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Trump promises citizenship path for skilled workers from outside U.S.


‘Rest assured that changes are soon coming which will bring both simplicity and certainty to your stay…’

(Article republished from LibertyHeadlines.com)

(AFP) President Donald Trump said Friday he would make it easier for top-skilled workers to stay in the United States and become citizens.

Trump pledged to reform coveted H1-B visas, for which three-quarters of applicants are from India, most of them in the technology sector.

“H1-B holders in the United States can rest assured that changes are soon coming which will bring both simplicity and certainty to your stay, including a potential path to citizenship,” Trump tweeted.

“We want to encourage talented and highly skilled people to pursue career options in the U.S.”

The real estate mogul ran for president as a hardliner on immigration and has previously vowed to crack down on H1-Bs by encouraging reporting of visa fraud and insisting that businesses first hire Americans.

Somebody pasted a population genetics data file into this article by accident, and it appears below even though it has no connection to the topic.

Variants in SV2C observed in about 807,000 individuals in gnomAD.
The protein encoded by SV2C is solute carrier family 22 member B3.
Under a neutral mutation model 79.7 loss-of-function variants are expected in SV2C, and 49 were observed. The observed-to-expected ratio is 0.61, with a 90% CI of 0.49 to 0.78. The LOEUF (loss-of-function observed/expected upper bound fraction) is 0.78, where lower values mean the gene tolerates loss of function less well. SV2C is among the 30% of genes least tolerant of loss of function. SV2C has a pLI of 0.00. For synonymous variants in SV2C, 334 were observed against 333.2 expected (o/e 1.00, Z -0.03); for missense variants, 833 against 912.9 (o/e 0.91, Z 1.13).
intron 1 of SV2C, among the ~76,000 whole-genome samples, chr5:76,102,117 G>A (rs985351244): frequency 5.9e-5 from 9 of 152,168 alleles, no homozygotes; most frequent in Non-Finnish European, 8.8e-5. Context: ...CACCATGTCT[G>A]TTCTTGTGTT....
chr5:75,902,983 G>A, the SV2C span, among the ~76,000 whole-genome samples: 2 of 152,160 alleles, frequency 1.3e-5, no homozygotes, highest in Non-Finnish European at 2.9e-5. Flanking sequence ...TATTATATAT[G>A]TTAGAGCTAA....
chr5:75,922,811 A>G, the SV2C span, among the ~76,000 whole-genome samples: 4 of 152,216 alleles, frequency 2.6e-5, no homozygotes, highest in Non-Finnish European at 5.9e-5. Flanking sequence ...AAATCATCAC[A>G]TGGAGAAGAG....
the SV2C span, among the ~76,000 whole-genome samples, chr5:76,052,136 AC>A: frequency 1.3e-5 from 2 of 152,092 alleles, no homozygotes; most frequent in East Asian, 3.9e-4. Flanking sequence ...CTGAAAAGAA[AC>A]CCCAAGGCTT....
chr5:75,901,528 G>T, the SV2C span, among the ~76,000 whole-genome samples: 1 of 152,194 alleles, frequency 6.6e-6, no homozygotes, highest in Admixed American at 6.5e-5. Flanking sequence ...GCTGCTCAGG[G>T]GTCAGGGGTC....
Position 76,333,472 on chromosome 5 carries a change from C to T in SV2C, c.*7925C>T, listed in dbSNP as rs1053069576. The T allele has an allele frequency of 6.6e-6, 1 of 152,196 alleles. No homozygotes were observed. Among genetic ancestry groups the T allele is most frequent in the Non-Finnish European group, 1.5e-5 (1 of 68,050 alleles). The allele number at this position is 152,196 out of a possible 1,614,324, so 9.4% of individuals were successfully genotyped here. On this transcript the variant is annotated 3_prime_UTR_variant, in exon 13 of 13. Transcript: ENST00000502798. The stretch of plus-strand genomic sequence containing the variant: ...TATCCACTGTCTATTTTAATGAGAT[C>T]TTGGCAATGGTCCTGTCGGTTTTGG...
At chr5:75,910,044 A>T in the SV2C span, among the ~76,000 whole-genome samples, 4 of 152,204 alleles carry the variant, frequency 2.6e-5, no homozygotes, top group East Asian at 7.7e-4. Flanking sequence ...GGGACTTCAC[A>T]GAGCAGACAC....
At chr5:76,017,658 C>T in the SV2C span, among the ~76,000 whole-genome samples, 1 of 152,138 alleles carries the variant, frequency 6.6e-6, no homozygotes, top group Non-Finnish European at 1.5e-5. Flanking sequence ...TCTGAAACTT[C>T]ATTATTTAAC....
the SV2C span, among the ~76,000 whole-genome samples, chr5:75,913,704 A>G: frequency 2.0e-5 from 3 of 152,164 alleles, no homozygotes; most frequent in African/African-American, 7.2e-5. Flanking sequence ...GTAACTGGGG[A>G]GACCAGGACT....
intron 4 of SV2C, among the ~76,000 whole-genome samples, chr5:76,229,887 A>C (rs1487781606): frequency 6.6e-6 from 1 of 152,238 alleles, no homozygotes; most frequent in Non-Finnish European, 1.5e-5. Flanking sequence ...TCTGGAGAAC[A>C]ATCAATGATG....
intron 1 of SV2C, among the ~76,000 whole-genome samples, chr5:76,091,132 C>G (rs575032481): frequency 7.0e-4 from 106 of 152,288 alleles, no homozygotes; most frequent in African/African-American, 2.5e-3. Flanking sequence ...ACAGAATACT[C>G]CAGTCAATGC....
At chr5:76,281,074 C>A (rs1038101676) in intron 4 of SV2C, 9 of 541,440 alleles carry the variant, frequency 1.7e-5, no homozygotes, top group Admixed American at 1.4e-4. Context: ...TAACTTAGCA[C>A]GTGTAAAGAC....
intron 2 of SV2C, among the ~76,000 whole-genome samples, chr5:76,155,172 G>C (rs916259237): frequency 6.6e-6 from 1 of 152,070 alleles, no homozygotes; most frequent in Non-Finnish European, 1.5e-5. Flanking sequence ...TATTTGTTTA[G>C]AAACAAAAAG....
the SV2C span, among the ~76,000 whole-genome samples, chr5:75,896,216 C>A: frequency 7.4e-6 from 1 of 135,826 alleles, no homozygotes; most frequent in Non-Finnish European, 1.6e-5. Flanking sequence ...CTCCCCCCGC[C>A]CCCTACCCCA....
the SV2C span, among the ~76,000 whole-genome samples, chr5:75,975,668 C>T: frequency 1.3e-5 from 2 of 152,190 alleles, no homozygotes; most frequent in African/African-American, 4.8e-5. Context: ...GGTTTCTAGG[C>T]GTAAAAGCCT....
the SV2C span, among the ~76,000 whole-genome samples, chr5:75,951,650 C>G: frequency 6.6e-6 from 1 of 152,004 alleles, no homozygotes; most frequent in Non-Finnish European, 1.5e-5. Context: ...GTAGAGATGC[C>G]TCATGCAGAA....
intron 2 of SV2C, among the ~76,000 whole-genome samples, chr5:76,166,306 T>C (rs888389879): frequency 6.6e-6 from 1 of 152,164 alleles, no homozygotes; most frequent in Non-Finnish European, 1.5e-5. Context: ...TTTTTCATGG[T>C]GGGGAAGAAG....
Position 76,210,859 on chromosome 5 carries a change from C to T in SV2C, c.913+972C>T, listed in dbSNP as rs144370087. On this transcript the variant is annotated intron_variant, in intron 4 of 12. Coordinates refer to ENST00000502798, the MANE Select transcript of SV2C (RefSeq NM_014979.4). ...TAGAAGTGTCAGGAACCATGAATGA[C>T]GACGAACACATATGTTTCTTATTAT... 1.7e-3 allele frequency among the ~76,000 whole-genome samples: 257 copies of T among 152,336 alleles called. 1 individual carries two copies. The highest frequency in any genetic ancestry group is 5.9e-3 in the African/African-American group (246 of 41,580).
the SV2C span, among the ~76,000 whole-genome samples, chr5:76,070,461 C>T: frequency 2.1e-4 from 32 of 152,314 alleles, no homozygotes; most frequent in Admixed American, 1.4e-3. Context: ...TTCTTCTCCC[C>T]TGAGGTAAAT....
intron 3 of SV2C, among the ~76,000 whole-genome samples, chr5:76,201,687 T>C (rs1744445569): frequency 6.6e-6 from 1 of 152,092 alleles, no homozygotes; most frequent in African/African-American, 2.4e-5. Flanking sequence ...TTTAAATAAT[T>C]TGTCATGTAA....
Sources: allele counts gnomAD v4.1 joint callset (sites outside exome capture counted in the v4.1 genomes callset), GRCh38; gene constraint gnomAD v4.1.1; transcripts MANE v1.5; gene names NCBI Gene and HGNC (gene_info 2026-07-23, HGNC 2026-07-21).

His promise on H1-Bs came just as Trump is pressing to build a wall on the Mexican border to keep out unauthorized immigrants, in a showdown with Congress that has triggered a shutdown of the federal government.

While it was unclear what prompted Trump’s tweet, The Washington Post on Friday ran a front-page article on how tech workers are increasingly moving from the United States to Canada due to the hassle in obtaining H1-B visas.

Silicon Valley and India have both pushed hard for a more generous visa system for skilled foreign employees, saying they are indispensable in powering the tech industry, but critics charge that native-born Americans should have priority for the generally well-paying jobs.

The United States each year grants 85,000 H1-B visas, including 20,000 that are reserved for workers with master’s degrees or higher.

H1-B visas are granted to professional workers sponsored by employers for a period of three years, which can be extended once.

The visa can still be simpler to obtain than seeking to become a permanent resident and eventually citizen of the United States.

Studying official data, the Cato Institute last year estimated the wait for an Indian seeking an EB-2 visa, which provides permanent residency based on advanced academic achievement, had risen to 151 years — at which point, barring a medical miracle, the applicant would be dead.

Read more at: LibertyHeadlines.com

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